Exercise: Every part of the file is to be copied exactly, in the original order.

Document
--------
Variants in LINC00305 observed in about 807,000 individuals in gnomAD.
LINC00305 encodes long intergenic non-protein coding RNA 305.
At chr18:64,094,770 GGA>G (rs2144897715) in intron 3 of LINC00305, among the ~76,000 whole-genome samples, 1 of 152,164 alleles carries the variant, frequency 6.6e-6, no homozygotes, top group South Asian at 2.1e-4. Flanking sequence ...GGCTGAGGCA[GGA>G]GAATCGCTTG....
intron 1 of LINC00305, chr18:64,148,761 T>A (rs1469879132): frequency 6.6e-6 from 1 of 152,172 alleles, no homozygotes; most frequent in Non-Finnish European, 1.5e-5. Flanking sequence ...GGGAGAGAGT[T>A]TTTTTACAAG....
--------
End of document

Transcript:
Variants in LINC00305 observed in about 807,000 individuals in gnomAD.
LINC00305 encodes long intergenic non-protein coding RNA 305.
At chr18:64,094,770 GGA>G (rs2144897715) in intron 3 of LINC00305, among the ~76,000 whole-genome samples, 1 of 152,164 alleles carries the variant, frequency 6.6e-6, no homozygotes, top group South Asian at 2.1e-4. Flanking sequence ...GGCTGAGGCA[GGA>G]GAATCGCTTG....
intron 1 of LINC00305, chr18:64,148,761 T>A (rs1469879132): frequency 6.6e-6 from 1 of 152,172 alleles, no homozygotes; most frequent in Non-Finnish European, 1.5e-5. Flanking sequence ...GGGAGAGAGT[T>A]TTTTTACAAG....